Focal points are the “start here” portion of your painting.
Remember that most paintings are spotted from 6 – 8 feet away, from across the room, so they need something to draw the viewer in to take a closer look. It’s like getting that special someone’s attention at a party by making eye contact.
Creating an effective focal point means understanding what attracts the human eye. Going back to our primitive roots for survival clues is really helpful.
Sparkles: Primitive humans were always in search of water for survival. Therefore out eyes are attracted to anything that resembles water, anything shiny. This is one of the reasons that I like to put water in my landscape paintings.
Primitive humans were also very sensitive to anything unique. This could signal danger or a new source of food. You can create a noticeable focal point by creating any of the following changes in your painting:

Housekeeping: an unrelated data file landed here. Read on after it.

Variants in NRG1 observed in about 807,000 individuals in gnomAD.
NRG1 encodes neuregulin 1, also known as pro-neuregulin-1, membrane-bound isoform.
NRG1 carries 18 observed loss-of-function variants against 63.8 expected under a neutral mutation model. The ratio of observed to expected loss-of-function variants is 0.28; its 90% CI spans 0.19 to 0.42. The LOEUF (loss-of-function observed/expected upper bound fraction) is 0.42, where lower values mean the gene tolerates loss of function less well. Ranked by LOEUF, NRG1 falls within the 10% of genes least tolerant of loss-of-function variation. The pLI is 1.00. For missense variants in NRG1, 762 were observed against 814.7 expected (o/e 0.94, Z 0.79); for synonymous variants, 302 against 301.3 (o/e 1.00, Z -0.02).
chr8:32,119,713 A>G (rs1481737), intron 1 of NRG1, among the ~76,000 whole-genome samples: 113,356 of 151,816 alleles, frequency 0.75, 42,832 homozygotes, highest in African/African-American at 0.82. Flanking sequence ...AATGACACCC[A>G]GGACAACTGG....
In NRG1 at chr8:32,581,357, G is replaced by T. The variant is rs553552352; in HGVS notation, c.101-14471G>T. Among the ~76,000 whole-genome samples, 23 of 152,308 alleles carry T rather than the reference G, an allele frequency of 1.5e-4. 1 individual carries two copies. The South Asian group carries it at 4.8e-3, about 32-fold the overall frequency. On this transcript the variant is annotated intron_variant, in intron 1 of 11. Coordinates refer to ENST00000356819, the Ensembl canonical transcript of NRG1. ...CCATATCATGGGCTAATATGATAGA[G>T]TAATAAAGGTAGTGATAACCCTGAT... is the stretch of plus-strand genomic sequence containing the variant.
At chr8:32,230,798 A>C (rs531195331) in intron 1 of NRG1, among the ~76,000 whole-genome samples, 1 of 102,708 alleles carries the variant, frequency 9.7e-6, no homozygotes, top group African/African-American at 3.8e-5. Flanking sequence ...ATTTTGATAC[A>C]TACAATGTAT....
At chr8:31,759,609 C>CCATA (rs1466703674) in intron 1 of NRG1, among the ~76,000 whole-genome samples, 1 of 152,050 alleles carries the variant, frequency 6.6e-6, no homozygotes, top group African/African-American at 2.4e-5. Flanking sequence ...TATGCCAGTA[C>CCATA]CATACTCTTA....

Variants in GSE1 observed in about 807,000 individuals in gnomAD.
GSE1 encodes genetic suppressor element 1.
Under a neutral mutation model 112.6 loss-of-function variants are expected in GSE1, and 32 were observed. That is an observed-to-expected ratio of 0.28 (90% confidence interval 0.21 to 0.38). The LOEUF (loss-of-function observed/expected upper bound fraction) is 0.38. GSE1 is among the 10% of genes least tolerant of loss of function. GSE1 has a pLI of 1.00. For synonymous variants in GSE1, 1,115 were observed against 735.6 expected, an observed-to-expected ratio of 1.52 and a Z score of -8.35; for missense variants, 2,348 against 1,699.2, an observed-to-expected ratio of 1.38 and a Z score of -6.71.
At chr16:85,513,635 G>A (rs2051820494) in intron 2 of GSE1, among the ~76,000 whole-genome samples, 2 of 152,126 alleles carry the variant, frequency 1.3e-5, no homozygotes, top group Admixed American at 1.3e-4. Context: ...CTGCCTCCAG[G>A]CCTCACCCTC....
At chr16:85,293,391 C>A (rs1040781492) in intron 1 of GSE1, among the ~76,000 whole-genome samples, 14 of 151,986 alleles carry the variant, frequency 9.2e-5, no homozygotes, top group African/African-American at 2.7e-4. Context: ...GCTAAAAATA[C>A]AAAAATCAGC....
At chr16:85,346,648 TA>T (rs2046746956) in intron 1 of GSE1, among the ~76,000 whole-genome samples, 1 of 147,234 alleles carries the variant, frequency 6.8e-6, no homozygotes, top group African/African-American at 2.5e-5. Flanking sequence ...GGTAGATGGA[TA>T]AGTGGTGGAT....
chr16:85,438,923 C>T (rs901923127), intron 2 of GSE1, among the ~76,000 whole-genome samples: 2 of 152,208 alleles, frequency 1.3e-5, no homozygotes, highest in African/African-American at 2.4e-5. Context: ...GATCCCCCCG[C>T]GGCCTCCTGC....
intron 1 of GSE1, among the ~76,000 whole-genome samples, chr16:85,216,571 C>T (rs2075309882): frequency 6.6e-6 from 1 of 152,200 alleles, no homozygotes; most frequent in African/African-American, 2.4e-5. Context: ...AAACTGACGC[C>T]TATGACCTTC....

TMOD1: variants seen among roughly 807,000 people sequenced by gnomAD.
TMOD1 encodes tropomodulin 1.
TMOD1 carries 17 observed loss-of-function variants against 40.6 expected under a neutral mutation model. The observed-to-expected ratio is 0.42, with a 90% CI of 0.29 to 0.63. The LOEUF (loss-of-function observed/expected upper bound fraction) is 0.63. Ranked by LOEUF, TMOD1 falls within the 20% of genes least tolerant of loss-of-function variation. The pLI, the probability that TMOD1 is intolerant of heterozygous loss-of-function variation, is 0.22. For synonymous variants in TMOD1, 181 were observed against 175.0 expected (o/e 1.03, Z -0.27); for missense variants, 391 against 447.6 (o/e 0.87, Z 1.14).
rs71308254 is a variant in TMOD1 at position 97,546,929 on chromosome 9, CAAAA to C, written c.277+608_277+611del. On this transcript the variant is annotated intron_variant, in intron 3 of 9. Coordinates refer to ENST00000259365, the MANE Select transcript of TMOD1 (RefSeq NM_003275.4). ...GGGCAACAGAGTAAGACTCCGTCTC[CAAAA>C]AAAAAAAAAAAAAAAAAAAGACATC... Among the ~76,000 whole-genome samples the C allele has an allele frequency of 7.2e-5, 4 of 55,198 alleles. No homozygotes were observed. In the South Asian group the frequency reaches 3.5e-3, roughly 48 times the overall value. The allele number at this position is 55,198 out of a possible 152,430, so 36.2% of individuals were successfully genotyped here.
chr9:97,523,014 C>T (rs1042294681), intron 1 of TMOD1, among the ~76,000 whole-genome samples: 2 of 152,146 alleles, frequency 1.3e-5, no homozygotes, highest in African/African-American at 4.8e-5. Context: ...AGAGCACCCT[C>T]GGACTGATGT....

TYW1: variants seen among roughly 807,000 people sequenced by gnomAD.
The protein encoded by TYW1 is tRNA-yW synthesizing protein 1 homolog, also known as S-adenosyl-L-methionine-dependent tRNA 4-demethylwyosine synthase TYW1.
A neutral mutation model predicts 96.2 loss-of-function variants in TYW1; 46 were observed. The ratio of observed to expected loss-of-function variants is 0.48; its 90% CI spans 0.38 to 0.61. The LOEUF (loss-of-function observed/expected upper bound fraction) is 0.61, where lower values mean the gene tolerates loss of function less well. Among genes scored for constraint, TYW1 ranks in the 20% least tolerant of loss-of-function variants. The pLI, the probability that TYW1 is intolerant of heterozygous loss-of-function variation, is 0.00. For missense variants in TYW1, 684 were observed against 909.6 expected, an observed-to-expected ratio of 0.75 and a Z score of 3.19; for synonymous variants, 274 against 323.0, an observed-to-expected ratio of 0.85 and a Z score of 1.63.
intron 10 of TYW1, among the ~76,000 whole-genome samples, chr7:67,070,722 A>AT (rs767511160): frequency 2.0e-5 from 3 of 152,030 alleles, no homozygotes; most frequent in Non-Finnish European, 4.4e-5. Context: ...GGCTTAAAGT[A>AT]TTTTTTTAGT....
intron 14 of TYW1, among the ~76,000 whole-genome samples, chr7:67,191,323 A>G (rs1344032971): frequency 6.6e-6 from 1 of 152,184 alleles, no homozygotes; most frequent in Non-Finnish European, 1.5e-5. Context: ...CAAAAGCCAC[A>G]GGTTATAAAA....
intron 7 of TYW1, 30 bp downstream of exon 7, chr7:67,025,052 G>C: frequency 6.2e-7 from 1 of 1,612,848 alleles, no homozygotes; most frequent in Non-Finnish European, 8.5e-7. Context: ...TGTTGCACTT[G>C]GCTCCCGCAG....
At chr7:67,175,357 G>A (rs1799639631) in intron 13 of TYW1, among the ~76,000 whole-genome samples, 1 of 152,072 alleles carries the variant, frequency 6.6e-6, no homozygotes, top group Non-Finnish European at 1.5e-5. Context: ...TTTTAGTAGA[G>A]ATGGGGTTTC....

Shape: A pear in a bowl of green apples will be noticed.
- Color: The eye will notice a green leaf among a vase full of white flowers.
- Temperature: A cool color (such as green or blue) will stand out in a warm painting (mostly reds, oranges and yellows) Be careful to be subtle with this in most cases. In a mostly warm painting, adding a touch of blue to a warm color will “cool” it down enough to create a pleasing focal point and still maintain the overall harmony of the painting.
- Size: The viewer will notice an apple among grapes and strawberries, even if the colors are similar.
- Texture: A fuzzy knit blanket hanging over a hard, wooden rocking chair on a hardwood floor will become the focal point.
- Position: Placement of an object also affects whether or not it will be the focal point of a painting. See the article on placing objects for more information.
- Eyes: Eyes are the window of the soul and are almost always the focal point of a painting featuring humans or animals.
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